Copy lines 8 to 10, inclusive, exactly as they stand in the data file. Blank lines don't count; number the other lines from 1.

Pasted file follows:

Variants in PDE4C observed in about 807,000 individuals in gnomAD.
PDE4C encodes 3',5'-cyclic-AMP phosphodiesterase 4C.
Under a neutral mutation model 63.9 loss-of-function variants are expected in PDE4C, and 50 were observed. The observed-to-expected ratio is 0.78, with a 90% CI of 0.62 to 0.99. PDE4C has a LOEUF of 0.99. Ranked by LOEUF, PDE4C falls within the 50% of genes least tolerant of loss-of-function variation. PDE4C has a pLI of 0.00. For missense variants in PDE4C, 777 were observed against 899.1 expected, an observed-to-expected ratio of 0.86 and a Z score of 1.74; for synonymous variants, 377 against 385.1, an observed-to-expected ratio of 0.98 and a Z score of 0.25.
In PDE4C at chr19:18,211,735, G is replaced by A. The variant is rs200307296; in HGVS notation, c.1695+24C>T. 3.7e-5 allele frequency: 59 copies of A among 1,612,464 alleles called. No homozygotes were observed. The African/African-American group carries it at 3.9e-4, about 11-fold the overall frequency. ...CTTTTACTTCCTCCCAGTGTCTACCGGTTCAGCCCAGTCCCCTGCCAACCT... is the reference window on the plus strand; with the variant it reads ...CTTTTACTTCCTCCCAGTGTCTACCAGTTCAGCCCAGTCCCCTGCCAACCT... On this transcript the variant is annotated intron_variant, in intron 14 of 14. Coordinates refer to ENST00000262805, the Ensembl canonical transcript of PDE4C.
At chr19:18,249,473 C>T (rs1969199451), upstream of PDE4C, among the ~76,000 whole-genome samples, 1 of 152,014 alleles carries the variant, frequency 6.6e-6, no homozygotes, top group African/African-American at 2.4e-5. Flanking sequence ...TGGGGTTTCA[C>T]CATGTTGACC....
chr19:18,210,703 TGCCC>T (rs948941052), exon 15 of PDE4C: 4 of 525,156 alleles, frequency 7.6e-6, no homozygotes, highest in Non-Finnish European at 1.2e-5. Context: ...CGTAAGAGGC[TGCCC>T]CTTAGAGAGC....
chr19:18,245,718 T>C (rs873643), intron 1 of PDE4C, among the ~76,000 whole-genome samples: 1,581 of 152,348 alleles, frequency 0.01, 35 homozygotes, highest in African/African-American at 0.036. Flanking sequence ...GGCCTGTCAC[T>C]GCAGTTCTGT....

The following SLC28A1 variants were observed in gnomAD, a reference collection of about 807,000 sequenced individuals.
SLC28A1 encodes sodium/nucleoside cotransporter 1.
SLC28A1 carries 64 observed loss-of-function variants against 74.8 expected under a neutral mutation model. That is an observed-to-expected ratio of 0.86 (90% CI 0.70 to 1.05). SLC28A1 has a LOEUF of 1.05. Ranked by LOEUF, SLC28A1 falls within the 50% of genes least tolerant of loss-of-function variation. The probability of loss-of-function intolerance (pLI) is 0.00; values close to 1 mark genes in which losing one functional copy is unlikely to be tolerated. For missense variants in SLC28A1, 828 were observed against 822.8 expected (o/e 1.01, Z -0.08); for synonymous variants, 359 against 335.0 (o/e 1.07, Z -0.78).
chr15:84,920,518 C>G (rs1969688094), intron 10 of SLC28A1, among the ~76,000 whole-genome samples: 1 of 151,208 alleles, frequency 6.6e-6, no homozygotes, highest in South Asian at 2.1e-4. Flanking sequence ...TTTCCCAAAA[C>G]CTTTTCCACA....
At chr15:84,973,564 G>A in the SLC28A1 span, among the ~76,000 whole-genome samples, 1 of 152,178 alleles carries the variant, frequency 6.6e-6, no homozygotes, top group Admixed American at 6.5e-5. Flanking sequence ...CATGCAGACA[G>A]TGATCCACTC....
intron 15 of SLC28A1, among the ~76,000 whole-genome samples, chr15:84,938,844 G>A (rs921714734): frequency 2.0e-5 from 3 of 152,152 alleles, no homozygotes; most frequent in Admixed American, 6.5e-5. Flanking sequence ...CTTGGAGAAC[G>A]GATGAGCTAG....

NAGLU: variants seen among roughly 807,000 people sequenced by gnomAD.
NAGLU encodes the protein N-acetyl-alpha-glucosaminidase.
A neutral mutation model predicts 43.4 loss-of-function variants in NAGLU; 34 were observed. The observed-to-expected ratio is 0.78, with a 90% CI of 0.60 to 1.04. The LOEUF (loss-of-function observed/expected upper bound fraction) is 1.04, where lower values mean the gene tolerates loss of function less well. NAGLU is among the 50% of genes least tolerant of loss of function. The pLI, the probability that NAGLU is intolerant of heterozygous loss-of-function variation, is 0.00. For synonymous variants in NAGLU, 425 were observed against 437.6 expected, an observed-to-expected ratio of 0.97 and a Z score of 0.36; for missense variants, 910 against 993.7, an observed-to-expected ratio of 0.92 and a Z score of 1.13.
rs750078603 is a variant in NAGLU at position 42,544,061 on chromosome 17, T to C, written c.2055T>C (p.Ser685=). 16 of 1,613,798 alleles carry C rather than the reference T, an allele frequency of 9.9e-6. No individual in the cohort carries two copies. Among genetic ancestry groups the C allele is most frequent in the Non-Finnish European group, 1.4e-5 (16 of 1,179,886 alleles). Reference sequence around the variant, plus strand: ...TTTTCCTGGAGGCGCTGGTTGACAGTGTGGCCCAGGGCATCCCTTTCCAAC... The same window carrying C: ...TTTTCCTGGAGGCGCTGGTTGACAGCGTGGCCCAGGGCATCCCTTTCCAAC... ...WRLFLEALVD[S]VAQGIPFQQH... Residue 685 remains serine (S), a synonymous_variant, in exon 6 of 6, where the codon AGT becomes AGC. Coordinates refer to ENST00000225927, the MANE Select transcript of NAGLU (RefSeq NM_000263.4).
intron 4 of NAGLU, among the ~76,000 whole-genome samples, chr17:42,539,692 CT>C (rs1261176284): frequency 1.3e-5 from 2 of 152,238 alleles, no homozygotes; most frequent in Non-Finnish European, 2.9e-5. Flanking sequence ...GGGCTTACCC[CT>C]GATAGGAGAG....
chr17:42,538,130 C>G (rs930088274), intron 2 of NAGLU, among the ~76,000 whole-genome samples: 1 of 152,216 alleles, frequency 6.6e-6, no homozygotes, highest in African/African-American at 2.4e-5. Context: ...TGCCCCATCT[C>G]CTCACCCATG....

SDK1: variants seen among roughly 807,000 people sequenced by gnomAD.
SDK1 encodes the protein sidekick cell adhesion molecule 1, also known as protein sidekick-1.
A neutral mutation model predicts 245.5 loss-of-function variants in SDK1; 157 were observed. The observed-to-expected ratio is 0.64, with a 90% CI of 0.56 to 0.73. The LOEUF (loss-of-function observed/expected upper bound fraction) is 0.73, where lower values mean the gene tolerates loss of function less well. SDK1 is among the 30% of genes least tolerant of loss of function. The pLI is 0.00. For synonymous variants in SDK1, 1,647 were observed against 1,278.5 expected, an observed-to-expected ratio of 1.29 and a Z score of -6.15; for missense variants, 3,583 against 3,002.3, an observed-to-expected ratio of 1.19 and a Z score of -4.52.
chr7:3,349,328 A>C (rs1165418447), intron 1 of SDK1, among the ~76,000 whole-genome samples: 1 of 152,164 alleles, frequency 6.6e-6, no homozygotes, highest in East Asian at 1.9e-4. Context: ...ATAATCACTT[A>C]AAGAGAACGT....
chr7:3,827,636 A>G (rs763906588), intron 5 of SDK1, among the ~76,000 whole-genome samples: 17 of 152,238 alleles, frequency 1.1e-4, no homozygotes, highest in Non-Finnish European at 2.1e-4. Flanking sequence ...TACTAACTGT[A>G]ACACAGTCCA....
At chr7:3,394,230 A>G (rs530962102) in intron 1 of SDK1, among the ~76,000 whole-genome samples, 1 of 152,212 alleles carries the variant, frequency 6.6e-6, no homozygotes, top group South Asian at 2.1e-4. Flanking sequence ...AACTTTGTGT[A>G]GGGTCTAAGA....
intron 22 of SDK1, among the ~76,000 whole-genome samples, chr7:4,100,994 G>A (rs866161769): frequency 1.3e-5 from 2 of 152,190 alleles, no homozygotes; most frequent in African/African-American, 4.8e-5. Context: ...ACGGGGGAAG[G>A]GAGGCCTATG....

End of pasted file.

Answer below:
The following SLC28A1 variants were observed in gnomAD, a reference collection of about 807,000 sequenced individuals.
SLC28A1 encodes sodium/nucleoside cotransporter 1.
SLC28A1 carries 64 observed loss-of-function variants against 74.8 expected under a neutral mutation model. That is an observed-to-expected ratio of 0.86 (90% CI 0.70 to 1.05). SLC28A1 has a LOEUF of 1.05. Ranked by LOEUF, SLC28A1 falls within the 50% of genes least tolerant of loss-of-function variation. The probability of loss-of-function intolerance (pLI) is 0.00; values close to 1 mark genes in which losing one functional copy is unlikely to be tolerated. For missense variants in SLC28A1, 828 were observed against 822.8 expected (o/e 1.01, Z -0.08); for synonymous variants, 359 against 335.0 (o/e 1.07, Z -0.78).